I live with the guilt of not seeing the signs earlier, but I know I did the right thing for my sweet girl.  The pain still hits me...I am in tears again as I write this, but my life has gone on because I made sure of it.  I adopted again and have found comfort in my sweet puppy, Luna. It is hard to get up and face the world sometimes because most people think Daisy was "just a dog" or your little one was "just a cat".  But they are so much more.  They are family, companion, confidant, soulmate and solace.

Your beloved cat, just like so many on this forum knew they were loved and they loved you so much.  Grief is a process and can be slow, but push through it by facing your emotions, share with people here who understand your grief.  Grief is a process and you need to take you time, forgive yourself and keep loving your sweet cat.  The love does not stop.  I will forever grieve over Daisy, but I will also forever love her.  The two go hand in hand.  Without that great love, you would not feel such grief.

Take care of yourself and reach out whenever you need a friend.

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Lori, Daisy's Mom and now Luna's Mom
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Ceceliadempsey3

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Reply with quote  #20 
What beautiful words you wrote. I cried as I read your post. I am so very sorry for your loss . Thatcher my dog was my first pet, I had to put him down three weeks ago because of seizures we tried so many different medication s and the final one made him lethargic. On his last day I took him to the water his beloved place and it broke my heart when is legs gave out and just sat in the shore. I knew then what I had to do. I’ve been crying now everyday. Maybe not all day anymore. But I hate coming home. I have 2 homes and I don’t want to be in either of them with out him. I try to tell myself I Gabe him a good life he was so happy. He was a rescue twice and if I did not help my sister in law out and care for him I don’t know what would have happened. I had him for 8 years. He was 12. The bond was so strong between us. My mom passed away in February and I’m grieving over her but the loss of my thatcher is a much different kind of heartache. Just when I think I’m doing better I break down. I feel so empty inside. I can’t bare to get rid of his toys beds bowls. I even still have his water in the bowl. Anyway I know your pain. I hope that your pain and heartache will ease in time. Your words touched me.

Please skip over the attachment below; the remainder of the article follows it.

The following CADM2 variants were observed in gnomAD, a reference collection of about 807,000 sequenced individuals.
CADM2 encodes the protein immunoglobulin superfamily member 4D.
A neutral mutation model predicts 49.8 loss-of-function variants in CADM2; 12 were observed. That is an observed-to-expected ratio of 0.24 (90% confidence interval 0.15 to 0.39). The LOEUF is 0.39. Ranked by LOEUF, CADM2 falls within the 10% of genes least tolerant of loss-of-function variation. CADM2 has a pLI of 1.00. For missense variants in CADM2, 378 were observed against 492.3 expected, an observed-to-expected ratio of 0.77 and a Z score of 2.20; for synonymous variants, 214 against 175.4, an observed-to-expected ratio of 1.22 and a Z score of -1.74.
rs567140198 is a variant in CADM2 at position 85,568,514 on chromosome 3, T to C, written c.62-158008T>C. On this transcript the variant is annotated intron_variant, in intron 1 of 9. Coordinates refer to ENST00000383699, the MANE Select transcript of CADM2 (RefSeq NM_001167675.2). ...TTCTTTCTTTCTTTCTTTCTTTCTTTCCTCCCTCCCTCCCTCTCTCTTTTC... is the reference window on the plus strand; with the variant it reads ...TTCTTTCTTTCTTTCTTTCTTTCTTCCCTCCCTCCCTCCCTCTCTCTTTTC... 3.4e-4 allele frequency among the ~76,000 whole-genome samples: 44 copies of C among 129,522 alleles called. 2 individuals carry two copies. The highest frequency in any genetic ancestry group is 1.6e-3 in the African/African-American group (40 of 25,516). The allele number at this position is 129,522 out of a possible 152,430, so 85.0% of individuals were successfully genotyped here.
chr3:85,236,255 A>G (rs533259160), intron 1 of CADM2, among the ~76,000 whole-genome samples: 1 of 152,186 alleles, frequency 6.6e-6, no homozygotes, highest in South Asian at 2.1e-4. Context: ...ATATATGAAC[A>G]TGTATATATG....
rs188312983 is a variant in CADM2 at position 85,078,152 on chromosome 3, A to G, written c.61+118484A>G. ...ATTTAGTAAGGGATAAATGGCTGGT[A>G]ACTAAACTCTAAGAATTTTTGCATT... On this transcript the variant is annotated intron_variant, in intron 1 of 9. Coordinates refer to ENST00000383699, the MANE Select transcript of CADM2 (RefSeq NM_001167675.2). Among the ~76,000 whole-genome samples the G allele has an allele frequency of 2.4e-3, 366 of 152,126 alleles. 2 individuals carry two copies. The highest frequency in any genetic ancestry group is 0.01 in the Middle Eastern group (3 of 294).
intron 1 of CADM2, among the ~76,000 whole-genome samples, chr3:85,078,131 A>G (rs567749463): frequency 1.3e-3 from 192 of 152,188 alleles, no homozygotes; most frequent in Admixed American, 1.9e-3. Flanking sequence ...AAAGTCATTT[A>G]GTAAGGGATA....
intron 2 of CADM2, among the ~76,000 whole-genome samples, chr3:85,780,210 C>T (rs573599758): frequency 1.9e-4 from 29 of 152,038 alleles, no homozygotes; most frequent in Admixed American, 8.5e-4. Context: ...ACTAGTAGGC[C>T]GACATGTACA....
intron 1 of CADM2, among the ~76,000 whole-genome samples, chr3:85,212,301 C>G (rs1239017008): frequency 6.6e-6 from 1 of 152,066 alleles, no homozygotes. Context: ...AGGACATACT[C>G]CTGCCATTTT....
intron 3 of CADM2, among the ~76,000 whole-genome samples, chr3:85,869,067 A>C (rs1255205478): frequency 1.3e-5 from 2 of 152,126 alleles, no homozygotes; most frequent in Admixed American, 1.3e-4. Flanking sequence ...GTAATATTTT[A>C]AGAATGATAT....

Thanks. Sending hugs
Cecelia
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MegP

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Reply with quote  #21 
Its so helpful hearing such similar thoughts and feelings. Our pets are such a gift. I think making the decision to let go of our pets is the hardest decision we ever make. They don’t get to have a say in it, we have to completely decide for them, they try so hard to hide pain and often show their regular enthusiasm for life. I spent the weekend making an album of all my photos of my little boy and framed my favorite photo of him. I took the blankets and his little bed he liked to lay in and I put them in one of those plastic mattress cover things you get when you buy a comforter, hoping I could preserve his smell and go revisit it time to time. Don’t know why but that gave me peace of mind, like I can go visit him and experience him again. Our pet sitter bought us a plant for him so that makes me feel like we’re keeping his memory alive as well. And I honestly think that having my other pet to focus on has been good. I’m pouring all that energy of sadness and loss into loving the heck out of her. She’s gonna be sooo spoiled.
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Memories_of_Marmalade

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Reply with quote  #22 

Hi Meg,

It is interesting to me, that so many of us are experiencing the exact same thoughts & emotions. I was just thinking yesterday how I want to preserve Marmalade's blankets in a plastic covering. He so loved his last fluffy white blanket that he slept with at the end. Thank you for sharing.

XO,
James
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Ceceliadempsey3

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Reply with quote  #23 
Hi Meg,